And of course this violates amendments nine and ten:
The enumeration in the Constitution, of certain rights, shall not be construed to deny or disparage others retained by the people.
The powers not delegated to the United States by the Constitution, nor prohibited by it to the States, are reserved to the States respectively, or to the people.
Nowhere is forced health care a power enumerated by the Constitution. If there is a right to privacy, that right has been taken by John Roberts and the others who voted in the majority opinion. That the power to tax is being used as justification of this egregious usurpation of liberty is illustrative of the inherent weakness of the majority position in this ruling.
Perhaps the most fundamental right, one so often overlooked by courts and politicians and even the People themselves, is the right to be left alone. America is supposed to be a place where a person can opt out of the system if he or she wishes. It is supposed to be a place where a person can hole up on his own property and not be compelled to interact with his fellows. The rights enjoyed by Americans stem from this fundamental assumption, that rights are not restrictions on people, nor do they offer any compulsion on anyone to be exercised, but are restrictions on government, on society. Harry Blackman got it wrong when he argued the right to privacy means the right to kill your unborn child, because that child has the same rights to be left alone. He or she is minding his or her own business, and someone comes along with a knife or vacuum hose and forcibly evicts the child. (You cannot evict a deadbeat tenant from an apartment without a legal writ, but you can an unborn child). The child’s rights were violated, including the right to privacy held by said child. And, yes, the mother’s rights are superseded here because it was her decision, her irresponsibility, that led to the unborn child taking up tenancy in her womb. In this instance she is indeed obligated, just as a guy who crashes his car into a neighbors house is obligated to make amends.
But if the right to privacy is applicable in abortion, how much more is it applicable here? Do we not have the right to live in America and not be hounded by an overbearing government that tells us we must purchase approved health insurance? Where does it stop? Health insurance today, energy taxes tomorrow, carbon taxes for our exhalations the day after, until we are all wrapped like moths in our collective cocoons, intimately bound with each-other and the State, which will not allow us to simply be left alone in any capacity.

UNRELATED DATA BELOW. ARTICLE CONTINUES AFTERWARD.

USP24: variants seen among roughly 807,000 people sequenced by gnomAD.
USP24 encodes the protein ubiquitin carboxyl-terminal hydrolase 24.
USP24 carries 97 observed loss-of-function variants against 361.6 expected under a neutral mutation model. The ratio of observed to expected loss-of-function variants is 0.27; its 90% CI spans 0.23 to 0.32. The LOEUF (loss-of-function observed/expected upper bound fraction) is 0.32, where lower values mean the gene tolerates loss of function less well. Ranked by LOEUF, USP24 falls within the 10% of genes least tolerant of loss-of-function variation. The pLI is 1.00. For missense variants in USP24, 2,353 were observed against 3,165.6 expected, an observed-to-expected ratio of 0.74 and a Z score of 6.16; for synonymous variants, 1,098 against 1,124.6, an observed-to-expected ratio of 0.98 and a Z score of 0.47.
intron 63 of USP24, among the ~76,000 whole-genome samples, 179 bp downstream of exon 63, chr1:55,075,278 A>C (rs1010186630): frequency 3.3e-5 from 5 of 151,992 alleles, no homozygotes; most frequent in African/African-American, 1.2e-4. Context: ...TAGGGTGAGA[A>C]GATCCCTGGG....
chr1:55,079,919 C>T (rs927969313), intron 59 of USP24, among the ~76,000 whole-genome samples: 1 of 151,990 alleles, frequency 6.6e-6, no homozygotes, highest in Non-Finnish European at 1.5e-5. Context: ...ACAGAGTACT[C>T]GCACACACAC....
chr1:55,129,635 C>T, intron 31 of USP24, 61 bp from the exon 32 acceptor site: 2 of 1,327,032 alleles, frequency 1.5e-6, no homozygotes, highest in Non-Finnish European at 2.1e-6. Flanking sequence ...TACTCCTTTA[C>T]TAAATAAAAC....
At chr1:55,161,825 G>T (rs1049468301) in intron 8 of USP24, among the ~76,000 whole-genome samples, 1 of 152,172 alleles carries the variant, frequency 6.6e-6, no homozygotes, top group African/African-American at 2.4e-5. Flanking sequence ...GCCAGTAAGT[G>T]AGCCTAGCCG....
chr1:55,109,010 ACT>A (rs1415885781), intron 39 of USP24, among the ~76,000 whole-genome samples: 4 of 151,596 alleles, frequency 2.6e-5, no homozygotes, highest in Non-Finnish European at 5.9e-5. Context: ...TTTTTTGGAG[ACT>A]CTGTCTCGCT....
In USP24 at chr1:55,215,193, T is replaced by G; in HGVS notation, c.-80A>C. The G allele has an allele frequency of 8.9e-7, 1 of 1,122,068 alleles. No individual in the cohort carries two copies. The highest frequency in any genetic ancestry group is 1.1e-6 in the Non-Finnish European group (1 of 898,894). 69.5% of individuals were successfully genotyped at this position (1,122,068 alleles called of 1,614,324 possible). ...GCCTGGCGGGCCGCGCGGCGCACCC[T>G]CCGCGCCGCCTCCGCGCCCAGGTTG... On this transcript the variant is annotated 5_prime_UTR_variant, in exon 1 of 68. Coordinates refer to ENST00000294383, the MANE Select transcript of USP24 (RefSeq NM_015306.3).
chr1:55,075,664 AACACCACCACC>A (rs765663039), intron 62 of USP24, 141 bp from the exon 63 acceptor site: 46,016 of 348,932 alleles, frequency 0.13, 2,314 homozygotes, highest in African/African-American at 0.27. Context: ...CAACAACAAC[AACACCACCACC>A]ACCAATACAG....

Benito Mussolini coined a term for that, it was TOTALITARIANISM. He did not mean that as a pejorative, but rather he meant a society in which we were all bound intimately together by the State. That is where this will lead.
And let us not forget Amendment 8:
Section 1. Neither slavery nor involuntary servitude, except as a punishment for crime whereof the party shall have been duly convicted, shall exist within the United States, or any place subject to their jurisdiction.
If I have to pay the government for not buying something, is this not a form of involuntary servitude? If I pay for the insurance, for that matter, against my will is it not likewise? It is rather like being forced to buy tires for a car I don’t own. There used to be a word for this - racketeering. Criminals would sell you something - usually an insurance policy to protect you from them - and you purchased it or else. This is an enormous act of racketeering engineered by the full force of the United States government.
History will judge the Roberts rule of odor harshly, seeing it for the smelly dead fish that it is. If John Roberts did in fact succumb to some pressure he will be judged a coward, if to some inducement by the Obama Administration he will be known as a man of low character. If the latter, and it can be proven, he should be impeached and removed from the Court.
Law professor John Eastman thinks this is an atrocious decision and Roberts should resign.
I’m inclined to agree with him.
Tim's website is www.tbirdnow.mee.nu